Here, we report on the first localization of a NOX2-type NADPH oxidase in neuronal growth cones. NADPH oxidase inhibition with VAS2870 or celastrol resulted in reduced retrograde F-actin flow and neurite outgrowth, confirming our earlier results. NADPH oxidase activation with a protein kinase C (PKC) activator resulted in increased ROS levels in the growth cone periphery. We found that the regulatory cytosolic subunit p40phox exhibited F-actin association in unstimulated growth cones and little colocalization with plasma membrane-bound NOX2. However, upon growth cone stimulation with the Aplysia cell adhesion molecule (apCAM), p40phox and NOX2 accumulated and colocalized at adhesion sites. In summary, these findings point toward an interesting bidirectional relationship between NADPH oxidase and the actin cytoskeleton in neuronal growth cones.
- Top of page
- Materials and methods
- Acknowledgements and conflict of interests disclosure
- Supporting Information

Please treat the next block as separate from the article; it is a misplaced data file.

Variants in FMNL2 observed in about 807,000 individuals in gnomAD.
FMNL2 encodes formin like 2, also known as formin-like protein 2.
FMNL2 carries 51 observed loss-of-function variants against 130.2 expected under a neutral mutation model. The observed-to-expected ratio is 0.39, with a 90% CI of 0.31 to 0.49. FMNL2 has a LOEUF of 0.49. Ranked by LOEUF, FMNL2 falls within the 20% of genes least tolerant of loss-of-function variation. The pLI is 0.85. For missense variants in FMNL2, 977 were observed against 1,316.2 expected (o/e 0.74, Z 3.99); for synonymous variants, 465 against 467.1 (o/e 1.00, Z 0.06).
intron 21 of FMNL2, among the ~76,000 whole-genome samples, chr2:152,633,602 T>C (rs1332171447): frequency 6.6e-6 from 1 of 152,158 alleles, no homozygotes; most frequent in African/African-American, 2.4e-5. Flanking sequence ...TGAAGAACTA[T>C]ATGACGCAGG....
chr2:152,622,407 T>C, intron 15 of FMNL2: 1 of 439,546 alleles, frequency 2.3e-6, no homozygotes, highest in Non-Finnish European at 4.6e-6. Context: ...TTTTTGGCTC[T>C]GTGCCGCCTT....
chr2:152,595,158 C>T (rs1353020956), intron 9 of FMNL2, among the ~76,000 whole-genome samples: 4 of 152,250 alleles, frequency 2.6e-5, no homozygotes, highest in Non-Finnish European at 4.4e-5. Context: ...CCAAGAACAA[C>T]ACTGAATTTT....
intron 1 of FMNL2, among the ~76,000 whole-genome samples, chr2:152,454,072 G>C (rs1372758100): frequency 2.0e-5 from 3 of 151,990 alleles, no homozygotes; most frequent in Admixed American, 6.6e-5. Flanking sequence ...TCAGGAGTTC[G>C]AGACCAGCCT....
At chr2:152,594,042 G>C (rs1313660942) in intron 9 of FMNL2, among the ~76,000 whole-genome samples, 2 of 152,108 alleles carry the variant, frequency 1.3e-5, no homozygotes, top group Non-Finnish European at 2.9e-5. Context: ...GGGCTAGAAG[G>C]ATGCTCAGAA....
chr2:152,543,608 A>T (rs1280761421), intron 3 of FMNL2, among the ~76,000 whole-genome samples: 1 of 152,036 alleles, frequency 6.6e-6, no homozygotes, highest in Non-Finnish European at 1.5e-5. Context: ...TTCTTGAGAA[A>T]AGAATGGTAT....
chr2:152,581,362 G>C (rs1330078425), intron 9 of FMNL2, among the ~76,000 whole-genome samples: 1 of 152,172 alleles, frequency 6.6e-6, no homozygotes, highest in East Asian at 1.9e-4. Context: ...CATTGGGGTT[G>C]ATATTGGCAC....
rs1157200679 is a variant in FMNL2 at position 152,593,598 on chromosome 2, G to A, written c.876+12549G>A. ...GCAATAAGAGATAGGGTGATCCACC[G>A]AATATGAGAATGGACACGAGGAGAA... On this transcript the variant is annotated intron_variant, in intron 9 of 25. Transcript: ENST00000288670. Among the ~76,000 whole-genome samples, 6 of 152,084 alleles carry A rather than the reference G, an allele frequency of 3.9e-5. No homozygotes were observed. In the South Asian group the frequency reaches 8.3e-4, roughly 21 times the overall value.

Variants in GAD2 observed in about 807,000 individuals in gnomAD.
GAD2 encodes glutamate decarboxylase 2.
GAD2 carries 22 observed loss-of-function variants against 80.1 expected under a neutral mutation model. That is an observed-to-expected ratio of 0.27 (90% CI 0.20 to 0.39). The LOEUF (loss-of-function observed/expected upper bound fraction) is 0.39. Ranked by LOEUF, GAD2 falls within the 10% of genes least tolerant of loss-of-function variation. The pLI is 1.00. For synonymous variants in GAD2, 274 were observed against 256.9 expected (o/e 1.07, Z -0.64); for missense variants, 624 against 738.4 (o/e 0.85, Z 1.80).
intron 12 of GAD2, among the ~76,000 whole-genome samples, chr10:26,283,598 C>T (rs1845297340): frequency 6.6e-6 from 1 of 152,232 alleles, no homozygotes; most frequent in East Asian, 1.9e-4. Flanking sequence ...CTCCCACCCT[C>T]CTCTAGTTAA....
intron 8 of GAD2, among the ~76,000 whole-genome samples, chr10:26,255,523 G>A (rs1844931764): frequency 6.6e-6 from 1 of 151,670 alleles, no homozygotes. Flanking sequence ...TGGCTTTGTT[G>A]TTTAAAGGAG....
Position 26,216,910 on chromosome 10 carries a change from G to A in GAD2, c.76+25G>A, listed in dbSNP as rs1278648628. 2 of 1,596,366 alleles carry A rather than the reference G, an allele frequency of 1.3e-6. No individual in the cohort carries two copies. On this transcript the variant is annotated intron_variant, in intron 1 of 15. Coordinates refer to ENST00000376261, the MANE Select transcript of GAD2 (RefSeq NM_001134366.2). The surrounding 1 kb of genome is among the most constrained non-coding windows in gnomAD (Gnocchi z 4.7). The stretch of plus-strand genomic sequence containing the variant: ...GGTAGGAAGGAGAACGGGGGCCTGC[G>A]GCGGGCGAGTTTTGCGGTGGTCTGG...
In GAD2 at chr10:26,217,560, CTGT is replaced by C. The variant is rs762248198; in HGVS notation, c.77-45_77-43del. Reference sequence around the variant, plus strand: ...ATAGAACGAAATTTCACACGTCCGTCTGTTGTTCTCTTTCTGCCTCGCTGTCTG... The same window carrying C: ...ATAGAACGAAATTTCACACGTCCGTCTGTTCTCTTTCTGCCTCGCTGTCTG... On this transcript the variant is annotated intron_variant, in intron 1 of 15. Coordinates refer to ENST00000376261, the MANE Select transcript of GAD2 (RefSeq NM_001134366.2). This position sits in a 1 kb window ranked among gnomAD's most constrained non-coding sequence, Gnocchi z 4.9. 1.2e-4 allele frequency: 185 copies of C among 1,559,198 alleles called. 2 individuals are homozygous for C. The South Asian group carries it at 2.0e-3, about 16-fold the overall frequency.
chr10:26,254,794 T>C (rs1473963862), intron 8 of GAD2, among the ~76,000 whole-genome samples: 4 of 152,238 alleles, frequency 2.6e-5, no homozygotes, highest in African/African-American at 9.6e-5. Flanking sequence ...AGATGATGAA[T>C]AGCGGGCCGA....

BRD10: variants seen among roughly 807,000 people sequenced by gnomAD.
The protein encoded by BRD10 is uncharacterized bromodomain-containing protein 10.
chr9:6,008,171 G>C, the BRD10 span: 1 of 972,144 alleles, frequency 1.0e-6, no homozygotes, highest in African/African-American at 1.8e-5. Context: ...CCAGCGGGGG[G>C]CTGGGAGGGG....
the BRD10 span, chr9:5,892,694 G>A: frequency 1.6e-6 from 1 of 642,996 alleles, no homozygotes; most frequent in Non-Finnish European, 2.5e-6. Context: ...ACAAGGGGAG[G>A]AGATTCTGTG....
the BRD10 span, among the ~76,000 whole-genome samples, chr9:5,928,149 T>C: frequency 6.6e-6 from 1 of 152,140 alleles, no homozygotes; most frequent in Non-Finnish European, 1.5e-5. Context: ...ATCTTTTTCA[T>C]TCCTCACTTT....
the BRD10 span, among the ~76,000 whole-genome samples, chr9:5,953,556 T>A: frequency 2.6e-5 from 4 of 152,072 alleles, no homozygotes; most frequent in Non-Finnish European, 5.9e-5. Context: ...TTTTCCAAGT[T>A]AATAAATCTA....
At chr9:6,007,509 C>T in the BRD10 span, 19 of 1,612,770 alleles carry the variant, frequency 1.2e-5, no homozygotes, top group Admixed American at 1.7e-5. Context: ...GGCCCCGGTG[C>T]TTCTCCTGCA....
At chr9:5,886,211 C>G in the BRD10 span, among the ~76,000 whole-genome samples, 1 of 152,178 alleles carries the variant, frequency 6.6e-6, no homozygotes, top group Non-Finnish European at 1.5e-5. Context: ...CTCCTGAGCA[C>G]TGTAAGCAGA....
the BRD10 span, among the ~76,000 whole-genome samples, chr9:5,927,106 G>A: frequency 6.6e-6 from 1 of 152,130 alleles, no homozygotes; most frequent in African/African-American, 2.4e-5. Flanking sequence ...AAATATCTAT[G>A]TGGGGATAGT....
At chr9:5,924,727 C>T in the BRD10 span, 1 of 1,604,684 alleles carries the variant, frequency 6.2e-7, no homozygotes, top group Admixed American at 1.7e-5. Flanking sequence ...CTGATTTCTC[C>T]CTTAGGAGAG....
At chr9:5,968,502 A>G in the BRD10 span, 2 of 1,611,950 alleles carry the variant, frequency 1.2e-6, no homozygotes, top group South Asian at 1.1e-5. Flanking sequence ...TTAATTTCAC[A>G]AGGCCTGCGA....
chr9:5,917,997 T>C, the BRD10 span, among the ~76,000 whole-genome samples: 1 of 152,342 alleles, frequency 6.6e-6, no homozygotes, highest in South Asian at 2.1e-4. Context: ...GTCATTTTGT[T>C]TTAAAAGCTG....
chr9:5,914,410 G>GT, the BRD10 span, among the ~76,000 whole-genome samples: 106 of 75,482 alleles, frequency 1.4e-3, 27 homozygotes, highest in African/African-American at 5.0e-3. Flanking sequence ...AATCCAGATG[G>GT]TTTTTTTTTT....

This is the first report on subcellular localization of NADPH oxidase in neuronal growth cones. Expression of NOX1-NOX4 family members at the RNA and protein levels has been shown for various brain regions including cortex, cerebellum, hippocampus, as well as for peripheral ganglia (Sorce and Krause 2009; Hernandes and Britto 2012). NOX2 subunits have been localized in cultured neurons, such as hippocampal (Tejada-Simon et al. 2005; Park and Jin 2008), cerebellar granule (Coyoy et al. 2008), sympathetic (Tammariello et al. 2000; Hilburger et al. 2005), and dorsal root ganglion neurons (Cao et al. 2009). However, these studies did not investigate the detailed subcellular distribution of NADPH oxidase proteins. Here, we have shown that a NOX2-type NADPH oxidase is localized to the plasma membrane of Aplysia neuronal growth cones, exhibiting a similar but less homogenous plasma membrane distribution compared to the cell adhesion protein apCAM. Whether another type of NADPH oxidase is also present in Aplysia growth cones, remains to be investigated. NADPH oxidase inhibition with VAS2870 or celastrol impaired actin organization and dynamics as well as neurite outgrowth, confirming our previous findings (this study; Munnamalai and Suter 2009), while NADPH oxidase activation increased H2O2 levels in the growth cone P domain (Figs. 1, 2; Figure S1). The cytosolic subunit p40phox exhibited relatively little colocalization with NOX2 in unstimulated growth cones, but had significant colocalization with F-actin bundles (Fig. 3). We observed variations in p40phox levels between growth cones, which correlated with F-actin content (Fig. 4). Cytochalasin B significantly reduced the amount of p40phox in the growth cone periphery (Fig. 5), while cell fractionation and actin coimmunoprecipitation experiments confirmed a partial association of p40phox with F-actin (Fig. 6). Cell fractionation studies were performed on total CNS lysates suggesting that the differential association of NOX2 and p40phox not only occurs in the growth cone but also in other regions of the cell. Differential localization of NOX2 and p40phox in other compartments of unstimulated neurons is further supported by confocal imaging of the neuronal cell body (Figure S4). Finally, we have found increased p40phox/NOX2 colocalization at adhesion sites during apCAM-evoked neuronal growth (Fig. 7). In summary, these findings provide evidence for a bidirectional functional relationship between NADPH oxidase activity and the actin cytoskeleton in neuronal growth cones, which may contribute to the control of neurite outgrowth.